The disputed domain name was registered on April 4, 2018 and does not resolve to an active website.
5. Parties’ Contentions
The Complainant contends the disputed domain name is confusingly similar to the Mark because the disputed domain name is composed by adopting the Mark in its entirety followed by a generic term. The Complainant asserts that the Respondent has no rights or legitimate interest in the Mark or the disputed domain name, and that the disputed domain name was registered in and used in bad faith to attract unsuspecting Internet users to the Respondent’s website.
The Respondent did not reply to the Complainant’s contentions.
6. Discussion and Findings
A. Identical or Confusingly Similar
The Panel finds the disputed domain name is confusingly similar to the Complainant’s Mark.
The disputed domain name incorporates the entire Mark and merely appends to the Mark the term “ice blast” (without a space between the word). Where the relevant trademark is recognizable within the disputed domain name, the addition of other terms (whether descriptive, geographical, pejorative, meaningless, or otherwise) would not prevent a finding of confusing similarity under the first element. The nature of such additional terms may however bear on the assessment of the second and third elements. See section 1.8 of the Overview of WIPO Panel Views on Selected UDRP Questions, Third Edition (“WIPO Overview 3.0”)
The Complainant has met its burden of proof under paragraph 4(a)(i) of the Policy
B. Rights or Legitimate Interests
The Panel finds that the Respondent has no rights or legitimate interests in the disputed domain name.
The Complainant has specifically disavowed providing the Respondent with any permission or license to use the Mark or the disputed domain name. The Respondent has not come forth to demonstrate any bona fide activities or business associated with the Mark or the disputed domain name. There is no evidence or indication that the Respondent was ever commonly known by the disputed domain name. Sportswear Company S.P.A. v. Tang Hong, WIPO Case No. D2014-1875.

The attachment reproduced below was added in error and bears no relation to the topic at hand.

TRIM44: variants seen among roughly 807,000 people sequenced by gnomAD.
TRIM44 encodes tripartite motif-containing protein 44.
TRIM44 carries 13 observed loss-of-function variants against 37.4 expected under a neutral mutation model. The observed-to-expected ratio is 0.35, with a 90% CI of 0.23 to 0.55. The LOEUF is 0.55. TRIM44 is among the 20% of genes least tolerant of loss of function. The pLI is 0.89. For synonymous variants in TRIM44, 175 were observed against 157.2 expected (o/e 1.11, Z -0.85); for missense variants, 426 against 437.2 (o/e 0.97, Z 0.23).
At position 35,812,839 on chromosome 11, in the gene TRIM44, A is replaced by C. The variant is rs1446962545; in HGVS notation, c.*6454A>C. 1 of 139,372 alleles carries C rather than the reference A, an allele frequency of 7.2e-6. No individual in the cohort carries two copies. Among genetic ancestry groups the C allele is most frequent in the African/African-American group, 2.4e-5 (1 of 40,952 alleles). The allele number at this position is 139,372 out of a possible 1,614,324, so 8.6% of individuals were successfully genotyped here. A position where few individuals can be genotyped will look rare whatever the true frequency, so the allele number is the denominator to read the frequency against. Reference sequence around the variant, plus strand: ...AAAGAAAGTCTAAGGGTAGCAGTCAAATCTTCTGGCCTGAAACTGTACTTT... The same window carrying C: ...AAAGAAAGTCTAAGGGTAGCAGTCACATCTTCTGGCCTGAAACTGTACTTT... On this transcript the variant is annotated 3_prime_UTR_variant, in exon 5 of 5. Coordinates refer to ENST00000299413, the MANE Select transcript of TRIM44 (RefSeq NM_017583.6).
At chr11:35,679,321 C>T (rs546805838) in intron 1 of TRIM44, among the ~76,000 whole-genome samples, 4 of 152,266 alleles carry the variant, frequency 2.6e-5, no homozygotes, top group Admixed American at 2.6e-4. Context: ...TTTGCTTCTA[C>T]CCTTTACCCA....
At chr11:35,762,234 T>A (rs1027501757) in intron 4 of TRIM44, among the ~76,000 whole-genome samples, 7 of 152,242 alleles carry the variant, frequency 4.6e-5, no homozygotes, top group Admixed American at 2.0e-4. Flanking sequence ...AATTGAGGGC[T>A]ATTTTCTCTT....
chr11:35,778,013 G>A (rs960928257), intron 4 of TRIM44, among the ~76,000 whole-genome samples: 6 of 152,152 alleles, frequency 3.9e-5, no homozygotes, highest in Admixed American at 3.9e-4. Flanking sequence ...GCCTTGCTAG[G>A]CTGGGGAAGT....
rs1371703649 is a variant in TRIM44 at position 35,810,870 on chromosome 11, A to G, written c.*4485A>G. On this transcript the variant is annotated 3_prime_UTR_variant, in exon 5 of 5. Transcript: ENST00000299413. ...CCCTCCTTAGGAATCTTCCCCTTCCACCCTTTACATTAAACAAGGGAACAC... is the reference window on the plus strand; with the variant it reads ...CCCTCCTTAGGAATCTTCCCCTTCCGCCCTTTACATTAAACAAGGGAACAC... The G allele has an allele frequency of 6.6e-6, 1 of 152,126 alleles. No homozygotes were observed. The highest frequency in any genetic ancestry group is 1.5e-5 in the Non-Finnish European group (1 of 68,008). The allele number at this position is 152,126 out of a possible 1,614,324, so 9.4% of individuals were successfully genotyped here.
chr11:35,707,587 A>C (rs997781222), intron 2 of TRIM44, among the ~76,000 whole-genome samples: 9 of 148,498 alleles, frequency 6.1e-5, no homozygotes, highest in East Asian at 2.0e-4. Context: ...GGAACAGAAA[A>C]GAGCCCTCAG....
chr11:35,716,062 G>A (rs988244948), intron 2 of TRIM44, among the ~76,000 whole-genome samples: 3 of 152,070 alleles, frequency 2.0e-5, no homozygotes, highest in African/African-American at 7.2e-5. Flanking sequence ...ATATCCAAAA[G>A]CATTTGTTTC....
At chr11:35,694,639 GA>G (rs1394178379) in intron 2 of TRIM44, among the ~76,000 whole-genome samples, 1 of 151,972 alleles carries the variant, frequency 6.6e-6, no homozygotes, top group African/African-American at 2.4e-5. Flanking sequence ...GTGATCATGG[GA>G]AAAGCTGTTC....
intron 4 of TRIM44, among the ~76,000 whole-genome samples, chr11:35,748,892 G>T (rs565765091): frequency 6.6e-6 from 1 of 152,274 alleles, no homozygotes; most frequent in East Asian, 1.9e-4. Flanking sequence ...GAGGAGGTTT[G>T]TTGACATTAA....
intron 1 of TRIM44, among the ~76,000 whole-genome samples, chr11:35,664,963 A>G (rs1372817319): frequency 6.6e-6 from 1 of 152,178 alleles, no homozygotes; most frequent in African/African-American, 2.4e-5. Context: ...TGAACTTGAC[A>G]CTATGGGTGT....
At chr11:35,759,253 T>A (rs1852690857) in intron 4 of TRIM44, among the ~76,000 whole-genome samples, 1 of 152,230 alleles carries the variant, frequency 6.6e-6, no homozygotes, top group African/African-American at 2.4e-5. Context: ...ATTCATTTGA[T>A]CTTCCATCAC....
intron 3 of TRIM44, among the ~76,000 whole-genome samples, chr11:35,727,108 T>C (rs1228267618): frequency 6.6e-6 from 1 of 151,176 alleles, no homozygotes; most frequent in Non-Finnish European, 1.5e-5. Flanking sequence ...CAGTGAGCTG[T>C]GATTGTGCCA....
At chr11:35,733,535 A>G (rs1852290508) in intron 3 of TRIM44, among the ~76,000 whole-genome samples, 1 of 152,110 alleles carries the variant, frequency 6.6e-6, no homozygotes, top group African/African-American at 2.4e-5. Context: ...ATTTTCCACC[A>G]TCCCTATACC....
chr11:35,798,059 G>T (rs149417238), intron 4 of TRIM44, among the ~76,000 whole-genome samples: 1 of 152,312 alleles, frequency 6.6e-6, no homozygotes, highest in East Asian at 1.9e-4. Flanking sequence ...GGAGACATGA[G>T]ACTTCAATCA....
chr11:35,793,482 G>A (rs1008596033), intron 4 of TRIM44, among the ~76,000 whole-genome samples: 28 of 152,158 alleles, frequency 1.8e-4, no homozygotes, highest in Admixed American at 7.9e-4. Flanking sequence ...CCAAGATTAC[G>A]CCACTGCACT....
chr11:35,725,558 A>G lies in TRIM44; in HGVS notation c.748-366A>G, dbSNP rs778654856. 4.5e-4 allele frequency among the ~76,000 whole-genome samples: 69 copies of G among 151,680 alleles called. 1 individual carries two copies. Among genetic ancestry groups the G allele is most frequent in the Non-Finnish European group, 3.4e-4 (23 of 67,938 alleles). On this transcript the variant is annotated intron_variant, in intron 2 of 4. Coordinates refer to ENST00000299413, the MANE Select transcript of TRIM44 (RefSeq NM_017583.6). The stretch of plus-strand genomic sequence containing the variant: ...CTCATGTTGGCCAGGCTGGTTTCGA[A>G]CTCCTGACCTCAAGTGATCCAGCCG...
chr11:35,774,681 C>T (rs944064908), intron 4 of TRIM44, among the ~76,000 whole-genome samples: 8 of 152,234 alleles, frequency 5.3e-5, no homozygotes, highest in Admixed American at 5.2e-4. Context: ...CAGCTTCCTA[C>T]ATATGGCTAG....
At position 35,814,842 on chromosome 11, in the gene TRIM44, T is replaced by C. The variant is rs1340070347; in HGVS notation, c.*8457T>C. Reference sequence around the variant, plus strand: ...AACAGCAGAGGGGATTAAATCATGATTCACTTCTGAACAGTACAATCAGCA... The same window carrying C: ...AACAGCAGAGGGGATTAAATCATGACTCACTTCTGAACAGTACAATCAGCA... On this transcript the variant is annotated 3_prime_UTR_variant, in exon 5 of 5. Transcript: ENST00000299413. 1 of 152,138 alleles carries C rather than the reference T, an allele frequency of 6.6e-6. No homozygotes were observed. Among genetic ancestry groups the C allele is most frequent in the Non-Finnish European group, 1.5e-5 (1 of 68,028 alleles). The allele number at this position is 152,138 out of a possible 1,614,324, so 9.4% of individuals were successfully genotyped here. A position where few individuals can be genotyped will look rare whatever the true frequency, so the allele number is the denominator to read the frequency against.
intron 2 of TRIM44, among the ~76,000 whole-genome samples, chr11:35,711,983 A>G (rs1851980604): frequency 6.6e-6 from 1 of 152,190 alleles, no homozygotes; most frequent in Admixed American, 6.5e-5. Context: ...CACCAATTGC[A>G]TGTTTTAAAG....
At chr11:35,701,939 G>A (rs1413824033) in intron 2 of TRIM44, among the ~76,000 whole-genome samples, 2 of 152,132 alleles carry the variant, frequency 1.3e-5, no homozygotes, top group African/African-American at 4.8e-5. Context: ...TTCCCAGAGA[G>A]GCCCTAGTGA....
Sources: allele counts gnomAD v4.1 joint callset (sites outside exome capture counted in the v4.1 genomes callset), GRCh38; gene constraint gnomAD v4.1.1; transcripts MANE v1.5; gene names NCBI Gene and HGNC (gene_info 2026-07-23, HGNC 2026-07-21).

The Complainant has met its burden of proof under paragraph 4(a)(ii) of the Policy.
C. Registered and Used in Bad Faith
The Panel finds that the disputed domain name was registered and used in bad faith.
It strains credulity to believe that the Respondent happened by chance to compose and register the disputed domain name that fully incorporates the Complainant’s famous Mark and the brand name of one of Complainant’s products, “Marlboro Ice” (a specialized tobacco product offered by the Complainant). “The only feasible explanation for the Respondent’s registration of the disputed domain name is that Respondent intends to cause confusion, mistake and deception by means of the disputed domain name. Accordingly, any use of the disputed domain name for an actual website could only be in bad faith.” Telstra Corporation Limited v. Nuclear Marshmallows, WIPO Case No. D2000-0003. That the disputed domain name does not resolve to an active website is immaterial to this finding of bad faith registration and use.
For the foregoing reasons, in accordance with paragraphs 4(i) of the Policy and 15 of the Rules, the Panel orders that the disputed domain name <marlboro-iceblast.com> be transferred to the Complainant.
William F. Hamilton
Date: August 5, 2018